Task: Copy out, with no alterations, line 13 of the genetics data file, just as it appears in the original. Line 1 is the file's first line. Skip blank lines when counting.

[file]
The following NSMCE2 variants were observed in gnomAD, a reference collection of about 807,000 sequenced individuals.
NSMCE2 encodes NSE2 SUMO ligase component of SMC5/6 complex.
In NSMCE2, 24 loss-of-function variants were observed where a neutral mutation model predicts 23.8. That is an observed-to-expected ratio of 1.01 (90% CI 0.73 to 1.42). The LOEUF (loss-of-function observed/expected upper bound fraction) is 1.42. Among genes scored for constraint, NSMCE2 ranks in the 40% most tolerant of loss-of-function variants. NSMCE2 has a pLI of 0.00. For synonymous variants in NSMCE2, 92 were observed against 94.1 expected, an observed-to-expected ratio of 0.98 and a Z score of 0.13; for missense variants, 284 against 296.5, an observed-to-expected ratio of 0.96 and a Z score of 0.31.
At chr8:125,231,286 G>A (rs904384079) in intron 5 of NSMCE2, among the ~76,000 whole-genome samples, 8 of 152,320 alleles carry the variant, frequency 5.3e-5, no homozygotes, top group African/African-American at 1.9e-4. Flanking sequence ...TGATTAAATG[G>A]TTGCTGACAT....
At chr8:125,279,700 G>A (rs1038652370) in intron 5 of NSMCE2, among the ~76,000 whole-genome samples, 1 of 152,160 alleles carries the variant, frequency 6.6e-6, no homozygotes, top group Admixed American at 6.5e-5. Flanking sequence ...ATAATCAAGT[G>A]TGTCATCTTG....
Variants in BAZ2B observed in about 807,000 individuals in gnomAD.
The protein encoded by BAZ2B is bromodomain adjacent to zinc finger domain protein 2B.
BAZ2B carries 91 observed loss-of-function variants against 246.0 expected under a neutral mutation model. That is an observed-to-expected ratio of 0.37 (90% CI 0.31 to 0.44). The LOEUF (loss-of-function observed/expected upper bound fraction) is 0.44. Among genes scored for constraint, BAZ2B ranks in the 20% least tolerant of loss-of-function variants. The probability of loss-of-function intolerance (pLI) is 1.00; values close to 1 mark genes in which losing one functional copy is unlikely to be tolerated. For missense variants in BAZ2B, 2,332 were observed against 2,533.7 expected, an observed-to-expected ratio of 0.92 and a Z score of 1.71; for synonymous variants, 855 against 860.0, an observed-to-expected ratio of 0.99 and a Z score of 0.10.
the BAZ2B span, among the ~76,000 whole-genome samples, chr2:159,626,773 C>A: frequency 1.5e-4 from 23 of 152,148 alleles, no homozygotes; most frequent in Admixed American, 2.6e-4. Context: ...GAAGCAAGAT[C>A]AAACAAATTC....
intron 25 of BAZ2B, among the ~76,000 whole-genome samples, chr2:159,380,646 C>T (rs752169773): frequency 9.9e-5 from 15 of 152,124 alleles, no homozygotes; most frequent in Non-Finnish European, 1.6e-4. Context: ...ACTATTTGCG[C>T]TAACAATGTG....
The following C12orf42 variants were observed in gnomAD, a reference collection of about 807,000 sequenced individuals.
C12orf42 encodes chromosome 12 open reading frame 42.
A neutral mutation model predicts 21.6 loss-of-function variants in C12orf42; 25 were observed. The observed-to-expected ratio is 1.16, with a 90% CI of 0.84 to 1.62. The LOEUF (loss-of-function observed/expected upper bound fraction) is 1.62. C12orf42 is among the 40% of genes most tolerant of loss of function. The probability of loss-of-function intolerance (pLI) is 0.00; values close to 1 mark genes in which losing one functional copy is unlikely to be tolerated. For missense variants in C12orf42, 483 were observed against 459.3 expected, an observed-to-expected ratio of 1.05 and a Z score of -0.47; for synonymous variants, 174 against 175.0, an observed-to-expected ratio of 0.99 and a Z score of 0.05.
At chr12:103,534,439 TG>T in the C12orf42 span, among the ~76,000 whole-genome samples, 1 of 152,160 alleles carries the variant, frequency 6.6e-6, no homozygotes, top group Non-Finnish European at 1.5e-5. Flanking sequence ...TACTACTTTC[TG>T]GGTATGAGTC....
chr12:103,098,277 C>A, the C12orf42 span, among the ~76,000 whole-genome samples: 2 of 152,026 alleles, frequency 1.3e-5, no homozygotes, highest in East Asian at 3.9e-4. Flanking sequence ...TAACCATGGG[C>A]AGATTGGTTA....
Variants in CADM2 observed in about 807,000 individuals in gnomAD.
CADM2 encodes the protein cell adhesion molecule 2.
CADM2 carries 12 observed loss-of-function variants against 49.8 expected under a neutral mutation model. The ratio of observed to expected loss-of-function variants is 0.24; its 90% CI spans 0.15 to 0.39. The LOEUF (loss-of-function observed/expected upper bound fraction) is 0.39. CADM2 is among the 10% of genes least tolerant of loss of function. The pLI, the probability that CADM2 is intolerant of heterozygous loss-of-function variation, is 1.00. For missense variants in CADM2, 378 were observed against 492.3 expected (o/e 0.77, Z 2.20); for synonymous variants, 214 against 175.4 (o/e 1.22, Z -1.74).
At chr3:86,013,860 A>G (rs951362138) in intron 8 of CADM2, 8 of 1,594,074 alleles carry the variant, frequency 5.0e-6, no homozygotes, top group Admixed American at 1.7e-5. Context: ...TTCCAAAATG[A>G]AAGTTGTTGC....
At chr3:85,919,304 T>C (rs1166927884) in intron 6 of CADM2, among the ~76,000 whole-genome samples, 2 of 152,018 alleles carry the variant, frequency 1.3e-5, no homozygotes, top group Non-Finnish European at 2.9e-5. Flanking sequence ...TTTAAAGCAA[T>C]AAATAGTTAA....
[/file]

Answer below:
A neutral mutation model predicts 21.6 loss-of-function variants in C12orf42; 25 were observed. The observed-to-expected ratio is 1.16, with a 90% CI of 0.84 to 1.62. The LOEUF (loss-of-function observed/expected upper bound fraction) is 1.62. C12orf42 is among the 40% of genes most tolerant of loss of function. The probability of loss-of-function intolerance (pLI) is 0.00; values close to 1 mark genes in which losing one functional copy is unlikely to be tolerated. For missense variants in C12orf42, 483 were observed against 459.3 expected, an observed-to-expected ratio of 1.05 and a Z score of -0.47; for synonymous variants, 174 against 175.0, an observed-to-expected ratio of 0.99 and a Z score of 0.05.